*Sarah is an amalgamation of young pupils with disabilities across a cross section of Yorkshire Primary Schools

Has your school ever been visited by a Paralympian? Share your stories below!

[Image Credit]

Register for free to continue reading
Registration is a free and easy way to support us.
When you register, you'll join a grassroots community where you can:
• Enjoy unlimited access to articles
• Get recommendations tailored to your interests
• Attend virtual events with our leading contributors
Register Now

Latest stories

  • How to handle stress while teaching in a foreign country
    How to handle stress while teaching in a foreign country

    Teaching English in a foreign country is likely to be one of the most demanding experiences you'll ever have. It entails relocating to a new country, relocating to a new home, and beginning a new career, all of which are stressful in and of themselves, but now you're doing it all at once. And you'll have to converse in a strange language you may not understand.

  • Is Learning Fun for You, Teacher?
    Is Learning Fun for You, Teacher?

    Over the weekend, my family of five went to an Orlando theme park, and I decided we should really enjoy ourselves by purchasing an Unlimited Quick Queue pass. It was so worth the money! We rode every ride in the park at least twice, but one ride required us to ride down a rapidly flowing river, which quenched us with water. It was incredible that my two-year-old was laughing as well. We rode the Infinity Falls ride four times in one day—BEST DAY EVER for FAMILY FUN in the Sun! The entire experience was epic, full of energizing emotions and, most importantly, lots of smiles. What made this ride so cool was that the whole family could experience it together, the motions were on point, and the water was the icing on the cake. It had been a while since I had that type of fun, and I will never forget it.

  • Free recycling-themed resources for KS1 and KS2
    Free recycling-themed resources for KS1 and KS2

    The Action Pack is back for the start of the brand new school year, just in time for Recycle Week 2021 on 20 - 26 September, to empower pupils to make the world a better and more sustainable place. The free recycling-themed resources are designed for KS1 and KS2 and cover the topics of Art, English, PSHE, Science and Maths and have been created to easily fit into day-to-day lesson planning.

  • Inspire your pupils with Emma Raducanu
    Inspire your pupils with Emma Raducanu

    Following the exceptional performance from British breakthrough star Emma Raducanu, who captured her first Grand Slam at the US Open recently, Emmamania is already inspiring pupils aged 4 - 11 to get more involved in tennis - and LTA Youth, the flagship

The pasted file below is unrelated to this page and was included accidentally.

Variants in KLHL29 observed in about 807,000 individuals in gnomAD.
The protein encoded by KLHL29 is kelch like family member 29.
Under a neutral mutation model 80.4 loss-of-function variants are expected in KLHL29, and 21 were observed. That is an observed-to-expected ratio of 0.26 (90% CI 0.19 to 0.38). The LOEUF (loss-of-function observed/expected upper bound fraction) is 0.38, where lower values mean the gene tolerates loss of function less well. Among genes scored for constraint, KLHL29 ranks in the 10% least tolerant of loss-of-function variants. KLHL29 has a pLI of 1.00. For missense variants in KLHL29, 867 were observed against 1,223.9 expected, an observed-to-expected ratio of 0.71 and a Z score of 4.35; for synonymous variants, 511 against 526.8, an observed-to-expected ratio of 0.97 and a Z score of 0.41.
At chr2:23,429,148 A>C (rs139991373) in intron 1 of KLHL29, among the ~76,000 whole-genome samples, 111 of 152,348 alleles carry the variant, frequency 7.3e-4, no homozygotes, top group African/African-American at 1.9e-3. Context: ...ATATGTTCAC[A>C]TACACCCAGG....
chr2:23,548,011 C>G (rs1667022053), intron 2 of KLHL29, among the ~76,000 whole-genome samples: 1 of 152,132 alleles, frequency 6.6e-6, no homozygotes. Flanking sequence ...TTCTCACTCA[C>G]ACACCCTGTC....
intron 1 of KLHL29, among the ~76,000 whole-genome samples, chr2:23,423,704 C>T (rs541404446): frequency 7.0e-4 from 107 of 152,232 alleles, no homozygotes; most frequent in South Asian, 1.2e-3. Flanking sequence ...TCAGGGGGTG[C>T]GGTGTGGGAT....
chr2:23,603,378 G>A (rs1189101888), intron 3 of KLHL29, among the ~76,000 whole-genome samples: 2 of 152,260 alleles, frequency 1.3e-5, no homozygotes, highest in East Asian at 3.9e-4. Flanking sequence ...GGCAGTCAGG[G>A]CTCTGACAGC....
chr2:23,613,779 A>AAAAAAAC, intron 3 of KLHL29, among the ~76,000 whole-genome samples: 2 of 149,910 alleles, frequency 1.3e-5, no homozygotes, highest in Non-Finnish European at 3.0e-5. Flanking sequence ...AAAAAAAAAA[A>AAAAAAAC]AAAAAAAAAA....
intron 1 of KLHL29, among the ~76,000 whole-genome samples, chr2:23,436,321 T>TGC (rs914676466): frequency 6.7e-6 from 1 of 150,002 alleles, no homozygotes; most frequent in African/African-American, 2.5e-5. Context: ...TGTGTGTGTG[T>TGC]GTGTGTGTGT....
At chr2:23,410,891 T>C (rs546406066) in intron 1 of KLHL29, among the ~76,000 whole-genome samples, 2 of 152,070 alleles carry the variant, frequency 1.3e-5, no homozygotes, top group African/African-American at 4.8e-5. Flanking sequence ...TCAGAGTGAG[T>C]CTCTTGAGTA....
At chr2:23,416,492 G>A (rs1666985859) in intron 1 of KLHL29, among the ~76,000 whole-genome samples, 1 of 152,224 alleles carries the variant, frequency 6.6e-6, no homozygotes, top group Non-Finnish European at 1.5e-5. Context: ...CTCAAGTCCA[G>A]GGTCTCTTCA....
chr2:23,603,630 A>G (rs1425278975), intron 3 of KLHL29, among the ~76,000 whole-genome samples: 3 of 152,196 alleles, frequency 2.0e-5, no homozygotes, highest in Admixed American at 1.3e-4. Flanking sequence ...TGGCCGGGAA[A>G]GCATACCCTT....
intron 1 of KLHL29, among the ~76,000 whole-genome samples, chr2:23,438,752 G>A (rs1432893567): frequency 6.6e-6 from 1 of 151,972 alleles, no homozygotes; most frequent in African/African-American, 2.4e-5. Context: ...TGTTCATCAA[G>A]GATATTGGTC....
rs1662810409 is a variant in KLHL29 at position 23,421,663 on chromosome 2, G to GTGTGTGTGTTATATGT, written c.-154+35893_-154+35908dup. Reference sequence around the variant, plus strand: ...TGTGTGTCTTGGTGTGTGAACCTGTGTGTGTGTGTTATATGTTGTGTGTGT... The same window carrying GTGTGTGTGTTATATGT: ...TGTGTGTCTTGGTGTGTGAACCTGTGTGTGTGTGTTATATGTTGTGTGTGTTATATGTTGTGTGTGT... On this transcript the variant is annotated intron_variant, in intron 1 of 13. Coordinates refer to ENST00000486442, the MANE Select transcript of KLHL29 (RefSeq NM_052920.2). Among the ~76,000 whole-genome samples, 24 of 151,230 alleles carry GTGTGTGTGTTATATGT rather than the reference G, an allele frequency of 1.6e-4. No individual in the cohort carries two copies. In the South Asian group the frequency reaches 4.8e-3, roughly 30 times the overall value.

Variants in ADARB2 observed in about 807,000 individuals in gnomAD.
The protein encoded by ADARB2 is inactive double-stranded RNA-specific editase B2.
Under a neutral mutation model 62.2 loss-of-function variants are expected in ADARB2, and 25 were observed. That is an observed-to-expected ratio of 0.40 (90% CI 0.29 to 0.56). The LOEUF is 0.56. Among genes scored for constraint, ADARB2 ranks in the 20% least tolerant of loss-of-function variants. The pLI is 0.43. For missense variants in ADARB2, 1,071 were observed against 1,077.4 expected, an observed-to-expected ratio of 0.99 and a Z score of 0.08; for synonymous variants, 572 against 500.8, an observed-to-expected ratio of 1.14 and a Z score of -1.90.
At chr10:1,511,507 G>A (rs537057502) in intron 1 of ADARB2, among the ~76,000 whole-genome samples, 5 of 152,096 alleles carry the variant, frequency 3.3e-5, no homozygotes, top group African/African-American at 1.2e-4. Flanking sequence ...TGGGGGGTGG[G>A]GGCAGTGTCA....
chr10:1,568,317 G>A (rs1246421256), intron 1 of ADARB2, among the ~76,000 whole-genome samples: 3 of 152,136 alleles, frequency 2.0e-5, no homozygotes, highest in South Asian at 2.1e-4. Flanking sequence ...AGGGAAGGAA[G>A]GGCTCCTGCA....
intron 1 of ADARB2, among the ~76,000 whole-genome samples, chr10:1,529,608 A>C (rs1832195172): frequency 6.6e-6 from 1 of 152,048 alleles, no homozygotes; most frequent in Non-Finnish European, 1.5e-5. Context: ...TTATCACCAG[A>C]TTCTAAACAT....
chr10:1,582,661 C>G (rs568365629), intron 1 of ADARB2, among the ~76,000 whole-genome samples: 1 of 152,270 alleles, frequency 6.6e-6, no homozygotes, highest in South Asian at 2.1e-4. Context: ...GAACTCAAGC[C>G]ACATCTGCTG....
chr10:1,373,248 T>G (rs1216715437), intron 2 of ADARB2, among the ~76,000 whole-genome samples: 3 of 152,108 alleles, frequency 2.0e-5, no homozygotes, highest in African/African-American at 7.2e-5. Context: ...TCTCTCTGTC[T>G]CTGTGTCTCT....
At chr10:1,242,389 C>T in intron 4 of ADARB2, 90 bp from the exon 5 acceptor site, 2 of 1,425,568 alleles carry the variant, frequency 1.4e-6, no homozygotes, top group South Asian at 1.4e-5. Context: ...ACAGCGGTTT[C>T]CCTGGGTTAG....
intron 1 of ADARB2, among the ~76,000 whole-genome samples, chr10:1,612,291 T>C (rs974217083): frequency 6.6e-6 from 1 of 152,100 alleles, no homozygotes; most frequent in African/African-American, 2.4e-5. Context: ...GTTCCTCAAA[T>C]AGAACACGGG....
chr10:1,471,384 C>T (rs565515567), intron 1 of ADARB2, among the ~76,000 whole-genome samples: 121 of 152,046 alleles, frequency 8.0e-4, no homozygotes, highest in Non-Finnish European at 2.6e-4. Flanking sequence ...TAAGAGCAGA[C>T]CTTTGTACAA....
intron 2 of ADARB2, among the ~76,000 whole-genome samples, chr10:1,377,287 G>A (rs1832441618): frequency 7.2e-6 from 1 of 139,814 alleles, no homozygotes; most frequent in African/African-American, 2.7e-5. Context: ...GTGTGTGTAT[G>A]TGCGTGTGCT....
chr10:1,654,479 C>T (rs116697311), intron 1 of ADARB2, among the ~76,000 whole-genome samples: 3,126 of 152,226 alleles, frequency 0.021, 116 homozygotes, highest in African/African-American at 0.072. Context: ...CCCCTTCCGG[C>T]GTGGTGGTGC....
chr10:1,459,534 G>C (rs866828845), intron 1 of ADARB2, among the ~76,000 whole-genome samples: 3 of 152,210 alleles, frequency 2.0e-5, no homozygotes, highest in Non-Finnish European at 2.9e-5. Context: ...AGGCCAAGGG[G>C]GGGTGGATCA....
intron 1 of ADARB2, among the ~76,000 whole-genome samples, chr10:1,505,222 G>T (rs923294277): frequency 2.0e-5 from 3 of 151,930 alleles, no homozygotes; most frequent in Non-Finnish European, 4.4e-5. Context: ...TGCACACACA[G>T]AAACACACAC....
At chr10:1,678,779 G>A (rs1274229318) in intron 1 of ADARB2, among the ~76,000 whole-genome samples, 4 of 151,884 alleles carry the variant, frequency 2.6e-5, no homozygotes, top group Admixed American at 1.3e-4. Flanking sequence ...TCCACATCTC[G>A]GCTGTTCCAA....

programme from The LTA, the governing body of tennis in Britain, has teachers across the country covered.

  • 5 ways to boost your school's eSafety
    5 ways to boost your school's eSafety

    eSafety is a term that constantly comes up in school communities, and with good reason. Students across the world are engaging with technology in ways that have never been seen before. This article addresses 5 beginning tips to help you boost your school’s eSafety. 

  • Tackling inequality in EdTech
    Tackling inequality in EdTech

    We have all been devastated by this pandemic that has swept the world in a matter of weeks. Schools have rapidly had to change the way they operate and be available for key workers' children. The inequalities that have long existed in communities and schools are now being amplified by the virus.

  • EdTech review & The Curriculum Lab
    EdTech review & The Curriculum Lab

    The world is catching up with a truth that we’ve championed at Learning Ladders for the last 5 years - that children’s learning outcomes are greatly improved by teachers, parents and learners working in partnership. 

  • Reducing primary to secondary transition stress
    Reducing primary to secondary transition stress

    As school leaders grapple with the near impossible mission to start bringing more students into schools from 1st June, there are hundreds of thousands of Year 6 pupils thinking anxiously about their move to secondary school.

  • Generation Z and online tutoring: natural bedfellows?
    Generation Z and online tutoring: natural bedfellows?

    The K-12 online tutoring market is booming around the world, with recent research estimating it to grow by 12% per year over the next five years, a USD $60bn increase. By breaking down geographic barriers and moving beyond the limits of local teaching expertise, online tutoring platforms are an especially valuable tool for those looking to supplement their studies in the developing world, and students globally are increasingly signing up to online tuition early on in their secondary education schooling. 

  • Employable young people or human robots?
    Employable young people or human robots?

    STEM skills have been a major focus in education for over a decade and more young people are taking science, technology, engineering, and maths subjects at university than ever before, according to statistics published by UCAS. The downside of this is that the UK is now facing a soft skills crisis and the modern world will also require children to develop strong social skills as the workplaces are transformed by technology. 

In order to make our website better for you, we use cookies!

Some firefox users may experience missing content, to fix this, click the shield in the top left and "disable tracking protection"